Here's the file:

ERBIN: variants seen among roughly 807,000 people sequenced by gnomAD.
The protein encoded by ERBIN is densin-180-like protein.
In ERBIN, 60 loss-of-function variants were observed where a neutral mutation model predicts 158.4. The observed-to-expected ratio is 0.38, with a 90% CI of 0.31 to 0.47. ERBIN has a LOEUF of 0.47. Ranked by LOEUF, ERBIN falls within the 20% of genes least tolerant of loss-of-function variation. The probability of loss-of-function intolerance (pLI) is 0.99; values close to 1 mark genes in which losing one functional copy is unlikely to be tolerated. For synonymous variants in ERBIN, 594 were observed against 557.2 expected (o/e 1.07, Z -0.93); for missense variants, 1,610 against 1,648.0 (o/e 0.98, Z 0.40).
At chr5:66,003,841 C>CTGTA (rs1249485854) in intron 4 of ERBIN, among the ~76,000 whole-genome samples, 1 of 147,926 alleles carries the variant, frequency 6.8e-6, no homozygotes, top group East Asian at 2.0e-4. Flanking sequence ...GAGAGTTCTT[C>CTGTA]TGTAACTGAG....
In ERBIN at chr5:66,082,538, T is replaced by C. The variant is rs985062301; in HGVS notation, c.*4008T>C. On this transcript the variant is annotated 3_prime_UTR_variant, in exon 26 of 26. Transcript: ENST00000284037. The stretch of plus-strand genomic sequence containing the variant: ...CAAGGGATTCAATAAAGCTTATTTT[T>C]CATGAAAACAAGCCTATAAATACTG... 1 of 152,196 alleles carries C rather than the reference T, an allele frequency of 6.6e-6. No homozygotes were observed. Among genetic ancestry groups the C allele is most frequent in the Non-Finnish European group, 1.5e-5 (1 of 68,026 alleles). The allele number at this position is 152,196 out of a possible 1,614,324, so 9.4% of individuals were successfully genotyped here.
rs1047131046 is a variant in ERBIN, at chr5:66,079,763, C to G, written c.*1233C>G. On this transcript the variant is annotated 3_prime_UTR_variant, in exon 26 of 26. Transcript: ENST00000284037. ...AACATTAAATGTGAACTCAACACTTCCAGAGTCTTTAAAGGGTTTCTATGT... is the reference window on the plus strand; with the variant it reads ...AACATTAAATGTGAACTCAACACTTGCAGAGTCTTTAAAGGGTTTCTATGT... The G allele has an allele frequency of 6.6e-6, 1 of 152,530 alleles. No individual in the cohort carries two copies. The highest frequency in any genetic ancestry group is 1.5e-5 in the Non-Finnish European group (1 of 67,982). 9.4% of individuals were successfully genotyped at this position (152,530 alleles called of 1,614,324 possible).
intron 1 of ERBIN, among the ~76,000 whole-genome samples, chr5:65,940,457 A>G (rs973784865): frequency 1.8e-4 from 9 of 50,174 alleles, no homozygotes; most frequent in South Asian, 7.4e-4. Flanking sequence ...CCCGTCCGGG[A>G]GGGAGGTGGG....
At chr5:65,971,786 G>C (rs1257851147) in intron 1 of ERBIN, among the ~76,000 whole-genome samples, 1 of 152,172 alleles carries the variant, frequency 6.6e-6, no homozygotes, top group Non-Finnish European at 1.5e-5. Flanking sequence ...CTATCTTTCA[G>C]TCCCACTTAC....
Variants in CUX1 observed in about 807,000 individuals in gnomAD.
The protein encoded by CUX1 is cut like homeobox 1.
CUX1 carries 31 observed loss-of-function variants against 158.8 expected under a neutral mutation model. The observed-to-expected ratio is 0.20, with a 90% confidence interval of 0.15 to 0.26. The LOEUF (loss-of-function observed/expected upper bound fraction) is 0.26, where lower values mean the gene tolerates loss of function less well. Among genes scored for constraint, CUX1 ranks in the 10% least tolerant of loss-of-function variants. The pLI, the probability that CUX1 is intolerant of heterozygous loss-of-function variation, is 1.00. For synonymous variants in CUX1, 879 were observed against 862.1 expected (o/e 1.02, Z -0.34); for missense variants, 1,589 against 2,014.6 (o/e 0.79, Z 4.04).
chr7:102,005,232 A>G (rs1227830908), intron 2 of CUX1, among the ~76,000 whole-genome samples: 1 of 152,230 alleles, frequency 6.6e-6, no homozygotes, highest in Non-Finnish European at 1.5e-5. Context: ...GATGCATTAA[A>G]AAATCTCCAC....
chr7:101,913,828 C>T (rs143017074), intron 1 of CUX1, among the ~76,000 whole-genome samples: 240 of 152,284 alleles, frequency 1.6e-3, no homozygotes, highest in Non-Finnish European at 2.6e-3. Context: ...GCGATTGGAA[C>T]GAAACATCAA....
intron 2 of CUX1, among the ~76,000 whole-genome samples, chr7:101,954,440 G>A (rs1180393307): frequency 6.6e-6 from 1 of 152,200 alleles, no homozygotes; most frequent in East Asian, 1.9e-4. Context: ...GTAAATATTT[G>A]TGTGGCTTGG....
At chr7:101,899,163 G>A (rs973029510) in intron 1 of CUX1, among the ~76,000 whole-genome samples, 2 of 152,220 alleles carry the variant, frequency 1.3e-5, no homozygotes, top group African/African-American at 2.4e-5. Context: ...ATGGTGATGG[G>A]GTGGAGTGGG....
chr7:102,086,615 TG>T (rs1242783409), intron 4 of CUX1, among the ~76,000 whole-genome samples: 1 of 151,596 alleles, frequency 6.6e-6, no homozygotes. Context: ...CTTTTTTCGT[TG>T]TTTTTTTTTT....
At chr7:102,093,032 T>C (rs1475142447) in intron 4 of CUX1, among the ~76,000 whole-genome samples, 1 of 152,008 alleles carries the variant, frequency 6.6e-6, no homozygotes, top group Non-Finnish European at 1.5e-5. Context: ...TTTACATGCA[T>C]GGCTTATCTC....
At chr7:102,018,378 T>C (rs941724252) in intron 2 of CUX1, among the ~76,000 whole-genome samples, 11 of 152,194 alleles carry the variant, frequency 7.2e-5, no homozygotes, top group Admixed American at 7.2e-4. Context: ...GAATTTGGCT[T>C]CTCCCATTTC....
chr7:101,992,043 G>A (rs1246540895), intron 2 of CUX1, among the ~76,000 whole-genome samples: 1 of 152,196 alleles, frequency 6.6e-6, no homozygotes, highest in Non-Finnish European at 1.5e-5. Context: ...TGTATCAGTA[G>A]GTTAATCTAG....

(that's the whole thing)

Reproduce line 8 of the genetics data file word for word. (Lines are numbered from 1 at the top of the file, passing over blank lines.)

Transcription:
At chr5:65,971,786 G>C (rs1257851147) in intron 1 of ERBIN, among the ~76,000 whole-genome samples, 1 of 152,172 alleles carries the variant, frequency 6.6e-6, no homozygotes, top group Non-Finnish European at 1.5e-5. Flanking sequence ...CTATCTTTCA[G>C]TCCCACTTAC....